A slim narrative with much of the story told through letters written by and to widow and lifelong Parisian Rose Bazelet, Tatiana de Rosnay’s The House I Loved is a tale as dark and haunting as the Edgar Allan Poe stories full of ghastly secrets that Rose so admires.
Readers learn early on that Rose has a ghastly secret of her own—and it’s not just that she’s hiding in the cellar of her beloved, three-story home on the rue Childebert while Emperor Louis-Napoléon Bonaparte and Baron Georges-Eugene Haussman tear Paris down rue by rue in order to rebuild a modern city.
Replacing interweaving streets and medieval buildings with straight boulevards and modern facades appalls Rose. Even though her home is in the path of destruction, she refuses to leave, relying on a ragpicker to bring her food, water and coal to keep warm. Also sustaining her are memories, as revealed in the letters she writes to her dead husband.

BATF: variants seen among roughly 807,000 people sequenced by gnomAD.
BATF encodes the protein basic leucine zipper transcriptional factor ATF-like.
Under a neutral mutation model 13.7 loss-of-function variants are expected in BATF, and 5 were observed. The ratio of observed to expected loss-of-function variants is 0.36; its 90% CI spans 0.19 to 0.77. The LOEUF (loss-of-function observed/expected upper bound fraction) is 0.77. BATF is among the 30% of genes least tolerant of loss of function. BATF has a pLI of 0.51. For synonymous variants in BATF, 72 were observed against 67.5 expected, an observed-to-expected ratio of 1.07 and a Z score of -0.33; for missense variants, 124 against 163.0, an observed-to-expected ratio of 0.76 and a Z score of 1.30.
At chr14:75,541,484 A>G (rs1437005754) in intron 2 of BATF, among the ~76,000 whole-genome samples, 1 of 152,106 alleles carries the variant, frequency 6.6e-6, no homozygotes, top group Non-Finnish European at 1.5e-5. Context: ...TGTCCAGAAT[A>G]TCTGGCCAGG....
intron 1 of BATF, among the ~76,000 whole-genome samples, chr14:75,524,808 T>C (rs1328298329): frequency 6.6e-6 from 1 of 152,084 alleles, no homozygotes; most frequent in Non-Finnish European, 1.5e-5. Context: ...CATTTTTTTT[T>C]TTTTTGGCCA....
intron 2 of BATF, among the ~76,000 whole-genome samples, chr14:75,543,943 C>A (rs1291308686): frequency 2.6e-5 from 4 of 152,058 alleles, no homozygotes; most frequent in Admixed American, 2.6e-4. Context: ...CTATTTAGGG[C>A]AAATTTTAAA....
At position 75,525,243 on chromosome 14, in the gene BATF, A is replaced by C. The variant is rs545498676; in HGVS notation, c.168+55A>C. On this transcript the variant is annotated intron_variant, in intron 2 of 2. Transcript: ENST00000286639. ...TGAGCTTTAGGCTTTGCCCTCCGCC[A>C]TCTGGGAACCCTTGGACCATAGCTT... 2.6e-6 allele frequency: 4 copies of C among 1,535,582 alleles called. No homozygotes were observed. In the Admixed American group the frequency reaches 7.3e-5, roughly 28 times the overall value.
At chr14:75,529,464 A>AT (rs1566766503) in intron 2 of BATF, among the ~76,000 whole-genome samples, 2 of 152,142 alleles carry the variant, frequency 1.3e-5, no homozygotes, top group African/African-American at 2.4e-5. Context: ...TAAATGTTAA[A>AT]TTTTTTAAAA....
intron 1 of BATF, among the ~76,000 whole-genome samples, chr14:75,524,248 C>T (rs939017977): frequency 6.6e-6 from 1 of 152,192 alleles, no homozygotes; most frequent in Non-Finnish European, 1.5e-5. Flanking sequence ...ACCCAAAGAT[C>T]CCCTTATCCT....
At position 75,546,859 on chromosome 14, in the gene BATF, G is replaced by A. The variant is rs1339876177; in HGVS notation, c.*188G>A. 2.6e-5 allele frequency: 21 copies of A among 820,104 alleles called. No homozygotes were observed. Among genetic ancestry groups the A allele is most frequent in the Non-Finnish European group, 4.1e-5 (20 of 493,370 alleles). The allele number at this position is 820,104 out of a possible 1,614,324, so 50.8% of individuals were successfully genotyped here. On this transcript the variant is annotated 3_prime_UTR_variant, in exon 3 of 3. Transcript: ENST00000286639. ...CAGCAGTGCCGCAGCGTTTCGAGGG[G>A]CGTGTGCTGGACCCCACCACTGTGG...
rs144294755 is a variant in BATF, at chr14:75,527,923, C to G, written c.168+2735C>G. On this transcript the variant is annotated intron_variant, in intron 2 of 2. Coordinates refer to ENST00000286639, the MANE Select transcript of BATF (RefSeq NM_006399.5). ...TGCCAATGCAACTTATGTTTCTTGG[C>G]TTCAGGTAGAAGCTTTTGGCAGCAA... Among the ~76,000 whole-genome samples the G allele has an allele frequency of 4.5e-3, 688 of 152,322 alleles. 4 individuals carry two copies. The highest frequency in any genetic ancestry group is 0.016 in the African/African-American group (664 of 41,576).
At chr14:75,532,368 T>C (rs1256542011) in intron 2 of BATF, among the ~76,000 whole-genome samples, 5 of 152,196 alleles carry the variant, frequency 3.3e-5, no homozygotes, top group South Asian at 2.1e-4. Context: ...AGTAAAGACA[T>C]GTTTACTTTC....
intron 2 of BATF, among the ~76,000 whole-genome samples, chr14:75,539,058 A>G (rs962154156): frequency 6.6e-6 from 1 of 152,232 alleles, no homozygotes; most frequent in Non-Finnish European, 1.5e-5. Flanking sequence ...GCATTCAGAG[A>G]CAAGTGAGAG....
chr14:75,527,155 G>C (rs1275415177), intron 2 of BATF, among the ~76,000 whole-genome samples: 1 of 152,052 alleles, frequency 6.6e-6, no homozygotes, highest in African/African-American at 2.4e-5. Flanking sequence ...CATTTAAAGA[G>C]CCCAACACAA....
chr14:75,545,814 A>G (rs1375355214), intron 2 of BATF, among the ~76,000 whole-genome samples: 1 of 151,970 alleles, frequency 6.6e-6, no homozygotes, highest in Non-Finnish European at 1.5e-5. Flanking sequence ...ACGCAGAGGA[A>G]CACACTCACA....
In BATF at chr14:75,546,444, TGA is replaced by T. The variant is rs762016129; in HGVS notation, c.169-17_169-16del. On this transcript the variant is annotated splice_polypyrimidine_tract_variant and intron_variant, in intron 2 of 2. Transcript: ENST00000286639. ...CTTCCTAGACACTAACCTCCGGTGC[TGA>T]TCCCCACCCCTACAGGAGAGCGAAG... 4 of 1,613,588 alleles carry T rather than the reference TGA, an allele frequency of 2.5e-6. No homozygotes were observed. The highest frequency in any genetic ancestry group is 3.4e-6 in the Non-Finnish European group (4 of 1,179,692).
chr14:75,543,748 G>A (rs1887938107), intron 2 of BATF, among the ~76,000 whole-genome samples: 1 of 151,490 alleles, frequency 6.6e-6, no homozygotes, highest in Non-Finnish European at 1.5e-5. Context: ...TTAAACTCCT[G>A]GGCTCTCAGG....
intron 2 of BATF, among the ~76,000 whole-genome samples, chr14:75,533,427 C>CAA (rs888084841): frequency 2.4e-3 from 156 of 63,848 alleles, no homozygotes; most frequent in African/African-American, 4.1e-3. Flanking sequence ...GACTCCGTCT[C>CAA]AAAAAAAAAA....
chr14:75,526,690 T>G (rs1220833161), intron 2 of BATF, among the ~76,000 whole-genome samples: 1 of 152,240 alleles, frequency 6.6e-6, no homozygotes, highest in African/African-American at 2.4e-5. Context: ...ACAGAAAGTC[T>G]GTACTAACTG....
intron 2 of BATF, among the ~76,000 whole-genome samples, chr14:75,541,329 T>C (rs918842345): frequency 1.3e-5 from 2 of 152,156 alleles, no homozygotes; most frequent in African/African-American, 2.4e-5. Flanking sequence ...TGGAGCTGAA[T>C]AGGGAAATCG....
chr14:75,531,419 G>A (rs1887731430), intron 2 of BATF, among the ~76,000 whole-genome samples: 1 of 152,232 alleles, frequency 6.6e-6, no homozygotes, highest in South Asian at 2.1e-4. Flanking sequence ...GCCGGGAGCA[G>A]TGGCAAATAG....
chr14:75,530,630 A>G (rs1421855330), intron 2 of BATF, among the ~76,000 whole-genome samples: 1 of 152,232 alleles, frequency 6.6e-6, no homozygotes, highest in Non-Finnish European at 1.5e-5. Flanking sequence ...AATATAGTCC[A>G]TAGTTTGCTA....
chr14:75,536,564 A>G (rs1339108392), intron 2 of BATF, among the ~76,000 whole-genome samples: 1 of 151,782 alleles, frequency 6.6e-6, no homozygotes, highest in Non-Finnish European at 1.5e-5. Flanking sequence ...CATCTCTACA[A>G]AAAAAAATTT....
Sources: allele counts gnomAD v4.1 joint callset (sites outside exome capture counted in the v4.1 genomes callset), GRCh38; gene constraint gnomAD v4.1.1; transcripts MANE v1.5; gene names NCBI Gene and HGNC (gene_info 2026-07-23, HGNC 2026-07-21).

Fans of de Rosnay’s Sarah’s Key will not find the same kind of compelling, page-turning urgency in The House I Loved. Its pace is slow—meandering even, like the walks Rose used to take along the Seine on warm summer evenings. However, the details de Rosnay provides allow readers not only to see Rose in her fine silk bonnets, but to feel her emotions.